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I have a shell variable which points to the directory where all my configuration files are located. Let's assume the variable is created with export RC=$HOME/rc. I have a global ignore file in the configuration directory: ~/rc/globalgitignore.

My Question is, how can I expand the RC variable in my .gitconfig file?

I already tried the following:

  • excludesfile = $RC/globalgitignore

  • excludesfile = !$RC/globalgitignore

  • excludesfile = !echo $RC/globalgitignore

  • excludesfile = !$(echo $RC/globalgitignore)

None of this solutions work.

The only way I get this work is to use the full path: excludesfile = ~/rc/globalgitignore, but then I have to change the path if the location of my rc directory changes.

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2 Answers 2

up vote 17 down vote accepted

You can't. git-config(1) does not support environment variable expansion, but only limited type conversion and path expansion:

The type specifier can be either --int or --bool, to make git config ensure that the variable(s) are of the given type and convert the value to the canonical form (simple decimal number for int, a "true" or "false" string for bool), or --path, which does some path expansion (see --path below). If no type specifier is passed, no checks or transformations are performed on the value.

The documentation for --path states:

--path

git-config will expand leading ~ to the value of $HOME, and ~user to the home directory for the specified user. This option has no effect when setting the value (but you can use git config bla ~/ from the command line to let your shell do the expansion).

The term "expansion" does not appear in any different context in git-config(1). So how did you even get the idea that it should, given that no such feature is documented anywhere?

In order to expand environment variables you have to pre-process the Git config file yourself, i.e. by creating a template file, and expand variables with a script before copying the file to your $HOME directory.

If it's about dotfile management, then do, what all people do: Put them in a directory, and add symlinks to this directory from your $HOME.

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Previously I linked all config files from the rc directory into my home directory. To omit these links, I created the RC variable and the most of my programs uses it. By the way, the ~ is expanded and when you use git config alias ... then you can use shell commandos and variable expanding. –  SvenK Jun 29 '12 at 13:00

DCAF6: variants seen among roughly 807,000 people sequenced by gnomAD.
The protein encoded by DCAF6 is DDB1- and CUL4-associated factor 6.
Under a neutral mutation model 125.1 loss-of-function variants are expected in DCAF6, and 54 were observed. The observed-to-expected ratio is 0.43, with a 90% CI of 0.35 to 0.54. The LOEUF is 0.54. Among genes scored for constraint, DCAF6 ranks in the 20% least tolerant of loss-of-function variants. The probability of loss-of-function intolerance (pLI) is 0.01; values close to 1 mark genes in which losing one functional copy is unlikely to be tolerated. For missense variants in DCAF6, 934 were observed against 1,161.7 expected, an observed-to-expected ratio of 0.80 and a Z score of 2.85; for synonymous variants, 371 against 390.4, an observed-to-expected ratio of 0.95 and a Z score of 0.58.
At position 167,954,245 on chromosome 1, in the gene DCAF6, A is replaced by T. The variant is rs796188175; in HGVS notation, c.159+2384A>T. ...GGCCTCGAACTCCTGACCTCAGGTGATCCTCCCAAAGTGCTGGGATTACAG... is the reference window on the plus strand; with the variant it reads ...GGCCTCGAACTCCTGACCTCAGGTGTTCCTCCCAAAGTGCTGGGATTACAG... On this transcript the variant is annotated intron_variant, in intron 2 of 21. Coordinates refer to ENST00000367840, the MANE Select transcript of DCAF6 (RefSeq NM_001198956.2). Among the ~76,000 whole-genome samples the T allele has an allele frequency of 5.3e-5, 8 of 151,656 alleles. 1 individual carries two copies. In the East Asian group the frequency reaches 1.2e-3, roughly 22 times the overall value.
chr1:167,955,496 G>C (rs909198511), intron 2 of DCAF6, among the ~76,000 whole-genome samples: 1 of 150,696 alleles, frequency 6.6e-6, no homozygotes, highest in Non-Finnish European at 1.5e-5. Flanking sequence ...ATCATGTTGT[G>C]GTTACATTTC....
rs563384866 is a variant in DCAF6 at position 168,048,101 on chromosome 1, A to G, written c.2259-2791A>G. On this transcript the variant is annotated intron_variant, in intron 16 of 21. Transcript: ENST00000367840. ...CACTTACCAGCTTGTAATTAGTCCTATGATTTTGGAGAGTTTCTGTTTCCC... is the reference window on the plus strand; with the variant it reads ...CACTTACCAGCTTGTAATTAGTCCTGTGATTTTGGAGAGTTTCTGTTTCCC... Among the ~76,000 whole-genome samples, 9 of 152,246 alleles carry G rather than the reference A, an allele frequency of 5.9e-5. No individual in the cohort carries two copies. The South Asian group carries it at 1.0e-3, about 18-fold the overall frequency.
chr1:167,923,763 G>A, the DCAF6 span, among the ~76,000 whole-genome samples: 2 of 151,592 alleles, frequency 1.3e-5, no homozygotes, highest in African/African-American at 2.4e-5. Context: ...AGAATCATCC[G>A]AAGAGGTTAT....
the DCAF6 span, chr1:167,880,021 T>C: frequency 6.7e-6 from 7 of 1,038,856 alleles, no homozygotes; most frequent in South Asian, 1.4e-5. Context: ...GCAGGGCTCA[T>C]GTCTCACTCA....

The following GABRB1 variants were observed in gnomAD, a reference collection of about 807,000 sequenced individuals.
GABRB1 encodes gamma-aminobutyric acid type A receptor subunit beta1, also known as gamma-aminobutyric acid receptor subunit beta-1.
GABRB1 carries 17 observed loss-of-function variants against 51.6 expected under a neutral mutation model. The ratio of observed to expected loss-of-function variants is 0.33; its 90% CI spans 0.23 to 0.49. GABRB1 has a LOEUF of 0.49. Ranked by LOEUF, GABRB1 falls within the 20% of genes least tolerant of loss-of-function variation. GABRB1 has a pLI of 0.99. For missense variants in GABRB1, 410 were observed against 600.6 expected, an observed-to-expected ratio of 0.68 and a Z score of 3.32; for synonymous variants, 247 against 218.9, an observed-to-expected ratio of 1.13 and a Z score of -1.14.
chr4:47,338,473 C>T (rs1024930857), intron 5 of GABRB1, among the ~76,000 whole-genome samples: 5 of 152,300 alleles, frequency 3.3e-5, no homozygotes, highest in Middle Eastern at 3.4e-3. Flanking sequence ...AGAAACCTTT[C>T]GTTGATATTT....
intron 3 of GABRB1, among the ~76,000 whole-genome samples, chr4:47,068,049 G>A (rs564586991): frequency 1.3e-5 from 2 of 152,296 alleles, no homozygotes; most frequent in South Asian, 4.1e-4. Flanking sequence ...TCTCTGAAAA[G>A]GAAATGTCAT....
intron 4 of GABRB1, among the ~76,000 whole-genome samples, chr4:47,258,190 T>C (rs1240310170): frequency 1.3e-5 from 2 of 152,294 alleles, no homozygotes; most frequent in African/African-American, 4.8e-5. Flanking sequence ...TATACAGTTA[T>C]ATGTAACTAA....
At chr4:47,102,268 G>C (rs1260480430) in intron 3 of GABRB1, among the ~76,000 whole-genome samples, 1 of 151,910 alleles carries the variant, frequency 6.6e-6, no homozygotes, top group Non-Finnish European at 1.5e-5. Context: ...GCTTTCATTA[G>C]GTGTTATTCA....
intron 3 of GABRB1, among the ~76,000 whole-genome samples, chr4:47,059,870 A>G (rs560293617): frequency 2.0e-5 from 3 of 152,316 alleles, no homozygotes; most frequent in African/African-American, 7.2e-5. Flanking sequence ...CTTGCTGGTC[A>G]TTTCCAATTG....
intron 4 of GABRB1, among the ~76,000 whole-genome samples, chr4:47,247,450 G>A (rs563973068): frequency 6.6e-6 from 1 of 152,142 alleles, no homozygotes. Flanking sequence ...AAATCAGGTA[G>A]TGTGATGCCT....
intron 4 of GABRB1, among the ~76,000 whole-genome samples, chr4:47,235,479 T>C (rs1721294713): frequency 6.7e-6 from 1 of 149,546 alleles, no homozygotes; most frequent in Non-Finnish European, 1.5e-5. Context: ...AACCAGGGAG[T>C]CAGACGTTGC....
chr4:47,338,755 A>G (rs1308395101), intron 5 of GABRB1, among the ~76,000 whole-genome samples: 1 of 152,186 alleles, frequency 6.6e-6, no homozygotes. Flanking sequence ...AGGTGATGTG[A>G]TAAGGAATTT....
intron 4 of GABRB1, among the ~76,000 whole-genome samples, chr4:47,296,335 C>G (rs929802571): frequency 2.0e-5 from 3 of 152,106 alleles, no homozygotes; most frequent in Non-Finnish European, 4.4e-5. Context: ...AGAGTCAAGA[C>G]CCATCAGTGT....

2  
@SvenK: Please read git-config(1): The fact that git-config(1) expands ~ doesn't "automagically" mean that variable expansion or even shell commands are supported, too. ~ is specifically handled by git-config if and only if a value is retrieved with the --path type specifier. This is the only kind of expansion supported by git-config. I've updated my answer to include the relevant sections from git-config(1) –  lunaryorn Jun 29 '12 at 16:03
    
This is a bit frustrating, as I can't just specify my http[s]?_proxy environment variable for my whole system; I have to for some reason specify it in my gitconfig as well. Pretty annoying for people who don't work from home or a small dev shop, and/or who sit on different networks depending on where they're working. –  Robert Grant Sep 16 at 10:35
    
@RobertGrant I am pretty sure that Git uses $http_proxy and $https_proxy from your environment. –  lunaryorn Sep 16 at 15:22
    
@lunaryorn I didn't observe that behaviour; this guy agrees. –  Robert Grant Sep 16 at 15:26

I use bash scripts in my config to enable variable expansion. Just export the variable you need in your .bashrc and use it in the scripts:

In my ~/.bashrc:

export TESTVARIABLE="hello"

In my ~/.gitconfig:

[alias]
    test = !bash -c '"echo \"Value: $TESTVARIABLE\";"'

At my bash prompt:

bash> git test
    Value: hello 

The other way of doing it, is to add a git config command in your shell's rc. I for instance have in my .bashrc:

git config --global user.name "$USER@$HOSTNAME"

I have the same configuration on all my machines, and by adding this I can distinguish between commits from different machines. You could do the same and add to your shell rc:

export RC="$HOME/rc"
git config --global core.excludesfile "$RC/globalgitignore" 
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gospes: I tried the first method you suggested for the email field. The resulted email (which I see in the commit information) equal to the string "<!bash -c 'echo -n "$EMAIL>". Ideas? –  tivoni Jun 5 at 22:41

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